February 8, 2012
This is a guest post from Sarah Muthoni, Empowerment Coordinator with CFA. These are her thoughts after months of implementing a new small group strategy with clients…
It’s amazing how small groups can be effective in achieving the objectives of a larger group. To achieve our organizational goals CARE for AIDS has made it part of our empowerment plan to divide up every group of clients into small groups. The clients choose which group to be in depending on their interests. This is because the clients have different interests depending on their experiences and backgrounds, for example some clients live in semi-urban areas and are interested with Agribusinesses since they can rent small plots of land. In the same locality other clients have to rent single –roomed houses in congested slums to live with their children, such people would rather sell bead necklaces, detergents to their neighbors or take them to the nearest open –air markets. Each group selects their leader and holds regular meetings. As the saying goes the wearer of the shoe knows better where it hurts, so these group leaders understand from experience the needs and wishes of their members and knows the best way to go about meeting these needs.
Small groups are very helpful in economic empowerment since once registered with a microfinance institutions the members can save and sign as guarantors for any member who needs to borrow a loan. In most of these financial institutions one would not access the loan outside the group because they lack collateral, but once in a small group even the banks would accept the group’s savings as security for the loans offered to individuals in the group. There is a Kenyan saying that a group of people can lift giant pot which can never be possible by a single person. Thus through a small group aclient will be able to access micro-loans to start or expand existing businesses. This way the individual will be able to fight poverty out of their lives. The group members know each other very well and so have trust for each other and so besides offering financial support to each other, they offer moral support to each other, they pray with and for each other and practice peer counseling and support. This goes a long way in achieving social and spiritual empowerment of the members.
During a seminar on group dynamics held at the Banana CARE for AIDS center, the facilitator who was from the Constituency AIDS Control committee clearly discussed the importance of small groups. He further explained, how to form and register a group, qualities of a group leader and how to write a group constitution. The clients at the center who were by then in their 4th month in the CFA program were convinced on the need of forming small groups for encouragement and support.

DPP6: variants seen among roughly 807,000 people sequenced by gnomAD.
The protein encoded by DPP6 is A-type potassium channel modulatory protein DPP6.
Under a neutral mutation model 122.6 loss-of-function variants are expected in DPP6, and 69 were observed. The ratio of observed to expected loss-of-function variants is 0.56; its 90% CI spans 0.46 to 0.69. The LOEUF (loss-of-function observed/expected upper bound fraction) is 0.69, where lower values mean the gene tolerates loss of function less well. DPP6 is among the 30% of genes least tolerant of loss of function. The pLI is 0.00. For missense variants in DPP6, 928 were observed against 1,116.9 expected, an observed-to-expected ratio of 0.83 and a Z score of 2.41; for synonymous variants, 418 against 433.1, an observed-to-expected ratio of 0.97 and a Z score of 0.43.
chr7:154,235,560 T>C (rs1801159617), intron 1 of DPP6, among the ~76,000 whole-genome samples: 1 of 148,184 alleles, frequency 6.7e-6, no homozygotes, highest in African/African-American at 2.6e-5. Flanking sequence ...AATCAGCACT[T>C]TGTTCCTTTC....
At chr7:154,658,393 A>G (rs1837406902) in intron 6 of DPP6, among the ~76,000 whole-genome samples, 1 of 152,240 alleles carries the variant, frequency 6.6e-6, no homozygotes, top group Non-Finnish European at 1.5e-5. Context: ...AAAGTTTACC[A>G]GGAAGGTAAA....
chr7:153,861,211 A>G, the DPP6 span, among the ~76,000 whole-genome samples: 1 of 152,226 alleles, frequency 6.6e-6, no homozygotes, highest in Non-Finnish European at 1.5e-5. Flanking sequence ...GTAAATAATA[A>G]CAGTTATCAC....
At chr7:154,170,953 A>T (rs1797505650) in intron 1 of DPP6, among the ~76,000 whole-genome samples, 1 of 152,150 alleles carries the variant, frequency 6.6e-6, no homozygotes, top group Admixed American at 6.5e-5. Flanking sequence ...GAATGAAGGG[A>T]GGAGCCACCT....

On the following weeks the clients formed groups of about 20 members based on their areas of residence. The first group is composed of members from Muchatha area andis headed by Esther. They are now preparing to start a poultry project after saving for some months. The group has opened an account at Equity Bank to keep safely their savings.
The second group is made up of residents from Gathanga and Githogoro. Simon their leader is very optimistic that the group although composed of members from different tribes will empower the members to fulfill their life goals. The group meets regularly at Banana –Hill Baptist Church. They have started a merry- go round. This is an arrangement where the members have agreed to contribute a small amount of money each time they come for their monthly meeting and the total amount is given to one person every month. The members through balloting pick a number which determines when each person will get the lump sum amount contributed by the members. This is therefore a kind of a loan with no interest attached. It enables the members to expand or start new small businesses.
The third group is composedof residents from Gachorwi and Banana town and their leader is Harrison. The group plans to join Equity Bank mixed Groups under the Youth Foundation, this way they will be saving on a weekly basisand can after six weeks access a loan from the bank at an interest rate of 8% per annum.
The fourth group is composed of residents from Ndumberi and is headed by Christopher a dairy goat farmer. This being arural set up area the members are much more interested in farming, they therefore have joined the Desert Oasis ResidenceEmpowerment (DOREP). Under DOREP the members are not only saving and have access to credit but also have a market for their Agricultural products. Beth a members of this group says “I am expanding my poultry farming to include more layers because am assured of a ready market for the eggs, the profit I made last year helped me pay school fees for my son in high school.”
Through the small groups the empowerment team at CARE for AIDS remains in touch with the clients through their leaders. After the clients have graduated from the center the small groups are used in following up the clients. This way the empowerment team is able to encourage them to continue adhering to medication, paying their health insurance premiums, running their businesses and taking care of their families. One year after graduation a common follow up meeting is held at the center for the larger group of clients and each group fills a questionnaire which is then used to assess whether empowerment has been achieved and maintained in the lives of the clients. So that is how the small groups have enabled CARE for AIDS to ensure sustainable empowerment to HIV-infected men and women in Kenya and it is working. Glory is to God who empowers us to be able to empower others.